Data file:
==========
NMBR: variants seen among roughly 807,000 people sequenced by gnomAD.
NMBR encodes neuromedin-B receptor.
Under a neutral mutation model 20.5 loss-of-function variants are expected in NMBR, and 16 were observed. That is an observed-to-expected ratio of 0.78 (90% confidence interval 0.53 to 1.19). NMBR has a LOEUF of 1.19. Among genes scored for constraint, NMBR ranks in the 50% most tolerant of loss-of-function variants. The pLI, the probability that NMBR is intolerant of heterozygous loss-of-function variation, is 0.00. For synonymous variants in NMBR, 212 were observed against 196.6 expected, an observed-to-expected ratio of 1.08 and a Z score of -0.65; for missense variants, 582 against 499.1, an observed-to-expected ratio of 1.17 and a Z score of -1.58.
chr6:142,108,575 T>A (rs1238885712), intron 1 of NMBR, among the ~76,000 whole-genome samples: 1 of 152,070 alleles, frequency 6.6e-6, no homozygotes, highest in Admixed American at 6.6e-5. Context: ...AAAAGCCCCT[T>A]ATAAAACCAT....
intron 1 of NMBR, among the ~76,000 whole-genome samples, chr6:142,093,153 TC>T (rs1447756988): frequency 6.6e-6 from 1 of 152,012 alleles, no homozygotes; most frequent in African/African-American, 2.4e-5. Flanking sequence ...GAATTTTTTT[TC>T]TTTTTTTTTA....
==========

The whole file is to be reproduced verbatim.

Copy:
NMBR: variants seen among roughly 807,000 people sequenced by gnomAD.
NMBR encodes neuromedin-B receptor.
Under a neutral mutation model 20.5 loss-of-function variants are expected in NMBR, and 16 were observed. That is an observed-to-expected ratio of 0.78 (90% confidence interval 0.53 to 1.19). NMBR has a LOEUF of 1.19. Among genes scored for constraint, NMBR ranks in the 50% most tolerant of loss-of-function variants. The pLI, the probability that NMBR is intolerant of heterozygous loss-of-function variation, is 0.00. For synonymous variants in NMBR, 212 were observed against 196.6 expected, an observed-to-expected ratio of 1.08 and a Z score of -0.65; for missense variants, 582 against 499.1, an observed-to-expected ratio of 1.17 and a Z score of -1.58.
chr6:142,108,575 T>A (rs1238885712), intron 1 of NMBR, among the ~76,000 whole-genome samples: 1 of 152,070 alleles, frequency 6.6e-6, no homozygotes, highest in Admixed American at 6.6e-5. Context: ...AAAAGCCCCT[T>A]ATAAAACCAT....
intron 1 of NMBR, among the ~76,000 whole-genome samples, chr6:142,093,153 TC>T (rs1447756988): frequency 6.6e-6 from 1 of 152,012 alleles, no homozygotes; most frequent in African/African-American, 2.4e-5. Flanking sequence ...GAATTTTTTT[TC>T]TTTTTTTTTA....